Chapter 17: Lying to Cecil
"Let me light your candle, shall I?"
They went into the hall.
"Thank you. Good-night again. God bless you, Lucy!"
She watched him steal up-stairs, while the shadows from three
banisters passed over her face like the beat of wings. On the
landing he paused strong in his renunciation, and gave her a
look of memorable beauty. For all his culture, Cecil was an
ascetic at heart, and nothing in his love became him like the
leaving of it.
She could never marry. In the tumult of her soul, that stood
firm. Cecil believed in her; she must some day believe in
herself. She must be one of the women whom she had praised so
eloquently, who care for liberty and not for men; she must forget
that George loved her, that George had been thinking through her
and gained her this honourable release, that George had gone
away into--what was it?--the darkness.
She put out the lamp.
It did not do to think, nor, for the matter of that to feel. She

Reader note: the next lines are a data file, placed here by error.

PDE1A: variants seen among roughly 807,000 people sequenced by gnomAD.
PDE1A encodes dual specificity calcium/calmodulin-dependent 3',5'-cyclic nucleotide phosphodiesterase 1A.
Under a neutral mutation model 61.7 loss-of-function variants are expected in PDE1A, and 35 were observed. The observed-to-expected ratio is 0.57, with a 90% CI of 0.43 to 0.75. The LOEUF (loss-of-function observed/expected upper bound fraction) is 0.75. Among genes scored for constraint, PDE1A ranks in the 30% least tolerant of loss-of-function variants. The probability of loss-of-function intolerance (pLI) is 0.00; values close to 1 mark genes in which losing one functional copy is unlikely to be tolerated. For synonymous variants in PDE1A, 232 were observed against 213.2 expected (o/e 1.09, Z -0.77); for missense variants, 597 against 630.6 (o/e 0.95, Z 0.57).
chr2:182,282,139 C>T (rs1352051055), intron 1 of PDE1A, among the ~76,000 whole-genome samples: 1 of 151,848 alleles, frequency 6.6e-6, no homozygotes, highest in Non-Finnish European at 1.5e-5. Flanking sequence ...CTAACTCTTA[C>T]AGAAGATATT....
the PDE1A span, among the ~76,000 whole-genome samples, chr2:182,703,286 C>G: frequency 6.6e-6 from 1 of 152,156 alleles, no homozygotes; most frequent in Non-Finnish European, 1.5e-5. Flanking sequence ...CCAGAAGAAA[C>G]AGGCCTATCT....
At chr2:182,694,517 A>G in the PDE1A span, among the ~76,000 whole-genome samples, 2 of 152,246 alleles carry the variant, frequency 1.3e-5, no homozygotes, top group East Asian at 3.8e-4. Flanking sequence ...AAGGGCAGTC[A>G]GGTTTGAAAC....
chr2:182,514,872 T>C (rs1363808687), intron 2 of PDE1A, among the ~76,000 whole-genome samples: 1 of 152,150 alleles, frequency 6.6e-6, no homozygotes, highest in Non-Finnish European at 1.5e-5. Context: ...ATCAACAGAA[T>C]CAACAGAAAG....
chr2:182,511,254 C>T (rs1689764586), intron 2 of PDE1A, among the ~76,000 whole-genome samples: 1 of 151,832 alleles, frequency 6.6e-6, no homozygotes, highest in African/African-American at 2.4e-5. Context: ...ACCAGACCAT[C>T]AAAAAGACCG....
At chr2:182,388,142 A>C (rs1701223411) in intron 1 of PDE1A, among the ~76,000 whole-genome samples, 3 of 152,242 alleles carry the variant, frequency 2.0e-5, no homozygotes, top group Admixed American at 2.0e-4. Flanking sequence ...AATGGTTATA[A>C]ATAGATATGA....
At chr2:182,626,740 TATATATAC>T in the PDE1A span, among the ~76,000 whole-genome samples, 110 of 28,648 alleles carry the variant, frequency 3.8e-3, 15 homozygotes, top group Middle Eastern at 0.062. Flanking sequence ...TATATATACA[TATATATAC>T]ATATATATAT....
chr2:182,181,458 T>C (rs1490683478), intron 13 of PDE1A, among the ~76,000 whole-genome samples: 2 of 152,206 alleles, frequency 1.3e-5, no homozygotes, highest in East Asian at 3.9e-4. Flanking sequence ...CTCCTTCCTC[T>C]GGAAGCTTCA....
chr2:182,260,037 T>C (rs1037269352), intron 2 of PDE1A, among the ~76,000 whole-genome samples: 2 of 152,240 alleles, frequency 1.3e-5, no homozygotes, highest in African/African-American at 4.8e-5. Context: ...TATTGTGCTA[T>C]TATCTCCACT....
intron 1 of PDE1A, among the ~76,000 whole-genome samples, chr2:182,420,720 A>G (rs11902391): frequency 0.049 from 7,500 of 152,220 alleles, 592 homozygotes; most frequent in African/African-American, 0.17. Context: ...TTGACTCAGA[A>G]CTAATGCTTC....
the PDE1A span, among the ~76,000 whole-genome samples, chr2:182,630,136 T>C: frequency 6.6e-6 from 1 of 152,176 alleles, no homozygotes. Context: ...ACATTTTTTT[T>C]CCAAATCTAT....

gave up trying to understand herself, and the vast armies of the
benighted, who follow neither the heart nor the brain, and
march to their destiny by catch-words. The armies are full of
pleasant and pious folk. But they have yielded to the only enemy
that matters--the enemy within. They have sinned against passion
and truth, and vain will be their strife after virtue. As the
years pass, they are censured. Their pleasantry and their piety
show cracks, their wit becomes cynicism, their unselfishness
hypocrisy; they feel and produce discomfort wherever they go.
They have sinned against Eros and against Pallas Athene, and not
by any heavenly intervention, but by the ordinary course of
nature, those allied deities will be avenged.
Lucy entered this army when she pretended to George that she did
not love him, and pretended to Cecil that she loved no one. The
night received her, as it had received Miss Bartlett thirty years